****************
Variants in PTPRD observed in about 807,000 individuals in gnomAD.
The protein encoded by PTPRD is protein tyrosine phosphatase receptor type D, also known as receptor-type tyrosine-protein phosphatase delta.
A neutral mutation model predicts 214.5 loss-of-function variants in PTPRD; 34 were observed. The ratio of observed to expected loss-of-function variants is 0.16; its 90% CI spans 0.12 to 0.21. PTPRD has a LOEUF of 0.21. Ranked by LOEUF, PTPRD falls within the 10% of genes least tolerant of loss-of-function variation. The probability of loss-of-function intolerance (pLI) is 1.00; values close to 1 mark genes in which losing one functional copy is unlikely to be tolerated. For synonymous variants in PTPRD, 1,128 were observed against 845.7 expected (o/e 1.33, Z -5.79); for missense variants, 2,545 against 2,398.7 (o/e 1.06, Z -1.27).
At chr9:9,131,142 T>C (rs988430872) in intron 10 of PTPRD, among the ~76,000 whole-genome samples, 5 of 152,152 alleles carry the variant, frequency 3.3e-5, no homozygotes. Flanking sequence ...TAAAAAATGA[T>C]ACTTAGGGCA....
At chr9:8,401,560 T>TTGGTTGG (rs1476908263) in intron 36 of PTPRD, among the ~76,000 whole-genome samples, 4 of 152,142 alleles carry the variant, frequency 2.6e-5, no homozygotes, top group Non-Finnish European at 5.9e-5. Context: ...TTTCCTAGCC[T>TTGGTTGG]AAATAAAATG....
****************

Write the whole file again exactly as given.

Variants in PTPRD observed in about 807,000 individuals in gnomAD.
The protein encoded by PTPRD is protein tyrosine phosphatase receptor type D, also known as receptor-type tyrosine-protein phosphatase delta.
A neutral mutation model predicts 214.5 loss-of-function variants in PTPRD; 34 were observed. The ratio of observed to expected loss-of-function variants is 0.16; its 90% CI spans 0.12 to 0.21. PTPRD has a LOEUF of 0.21. Ranked by LOEUF, PTPRD falls within the 10% of genes least tolerant of loss-of-function variation. The probability of loss-of-function intolerance (pLI) is 1.00; values close to 1 mark genes in which losing one functional copy is unlikely to be tolerated. For synonymous variants in PTPRD, 1,128 were observed against 845.7 expected (o/e 1.33, Z -5.79); for missense variants, 2,545 against 2,398.7 (o/e 1.06, Z -1.27).
At chr9:9,131,142 T>C (rs988430872) in intron 10 of PTPRD, among the ~76,000 whole-genome samples, 5 of 152,152 alleles carry the variant, frequency 3.3e-5, no homozygotes. Flanking sequence ...TAAAAAATGA[T>C]ACTTAGGGCA....
At chr9:8,401,560 T>TTGGTTGG (rs1476908263) in intron 36 of PTPRD, among the ~76,000 whole-genome samples, 4 of 152,142 alleles carry the variant, frequency 2.6e-5, no homozygotes, top group Non-Finnish European at 5.9e-5. Context: ...TTTCCTAGCC[T>TTGGTTGG]AAATAAAATG....